“I’m very happy to report that with the added money that was available, not a single tree planter actually contracted COVID,” MacNeil said Friday. “So the extra measures that we took — extra vehicles, extra dining halls, right along the whole tree-planting value chain, the protection of communities that these tree-planters went into — was a success, and all 600 million trees got planted this year.”

O’Regan’s spokesman, Ian Cameron, said Monday the extra planting will be done.

He did not explain why there hasn’t been a budget allocated yet, but said the government is finalizing the program’s design, including where the trees will be planted, what kind of trees they will be, and how they will be monitored to see how many survive.

MacNeil said two billion trees will cover an area twice the size of Prince Edward Island.

Forests can be large carbon sinks, absorbing millions of tonnes of carbon dioxide, keeping it from trapping more heat in our atmosphere. However when trees die, they emit the carbon dioxide they stored.

For more than a decade Canada’s forests have been a net contributor to global warming, emitting more carbon than they are absorbing.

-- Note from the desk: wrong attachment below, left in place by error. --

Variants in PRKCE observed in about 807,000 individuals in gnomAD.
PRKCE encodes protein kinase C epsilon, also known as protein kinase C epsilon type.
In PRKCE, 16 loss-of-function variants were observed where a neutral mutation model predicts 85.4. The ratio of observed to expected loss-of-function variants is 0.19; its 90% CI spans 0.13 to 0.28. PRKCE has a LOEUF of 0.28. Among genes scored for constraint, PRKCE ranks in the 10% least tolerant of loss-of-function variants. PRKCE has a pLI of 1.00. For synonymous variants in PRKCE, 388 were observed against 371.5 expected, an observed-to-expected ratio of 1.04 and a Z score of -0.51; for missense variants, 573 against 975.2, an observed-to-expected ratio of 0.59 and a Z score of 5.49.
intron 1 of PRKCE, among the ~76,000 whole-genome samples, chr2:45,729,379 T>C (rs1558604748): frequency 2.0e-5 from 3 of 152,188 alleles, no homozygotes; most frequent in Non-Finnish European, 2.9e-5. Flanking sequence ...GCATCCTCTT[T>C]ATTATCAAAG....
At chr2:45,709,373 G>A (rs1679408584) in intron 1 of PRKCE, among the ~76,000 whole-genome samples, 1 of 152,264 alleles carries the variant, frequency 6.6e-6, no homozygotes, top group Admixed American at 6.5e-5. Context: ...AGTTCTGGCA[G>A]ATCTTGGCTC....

The Forest Products Association of Canada last winter outlined for the government some of the challenges inherent in fulfilling its tree-planting pledge, including the pressures on nurseries to grow millions more seedlings for planting — seedlings can take one to four years to mature.

As well, FPAC warned there are regular struggles to find workers able and willing to do work that is physically demanding, mostly seasonal and often without benefits.

Mia Rabson, The Canadian Press

Like us on Facebook and follow us on Twitter.

Want to support local journalism? Make a donation here.

Environment

Get local stories you won't find anywhere else right to your inbox.
Sign up here

Just Posted

A man wearing a face mask to prevent the spread of COVID-19 walks past a mural in Vancouver on Monday, Nov. 30, 2020. THE CANADIAN PRESS/Marissa Tiel
212 new COVID-19 cases in Interior Health over the weekend

A total of 490 cases remain active; 15 in hospital

This is the third year Raymond Imbeau and Barbara Kitz have picked up cans in the backcountry and donated the proceeds to COSAR. (Central Okanagan Search and Rescue)
Kelowna couple cleans forests for Central Okanagan Search and Rescue

Raymond Imbeau and Barbara Kitz donated $3,200 to COSAR

Lights will be on display for the annual Candy Cane Lane in Rutland until Jan. 1. - Mackenzie Britton/Capital News
Kelowna’s Candy Cane Lane to celebrate a decade of holiday lights

The event will run from Dec. 1 to Jan. 1, 2021

The video was used for (KGH Foundation - YouTube)
Okanagan filmmaker, poet win at L.A. Film Awards

Spoken word artist Shane Koyczan wrote and filmmaker David Nault produced the commercial

The Mission will be opening a temporary winter shelter starting on Dec. 1. (Kelowna’s Gospel Mission)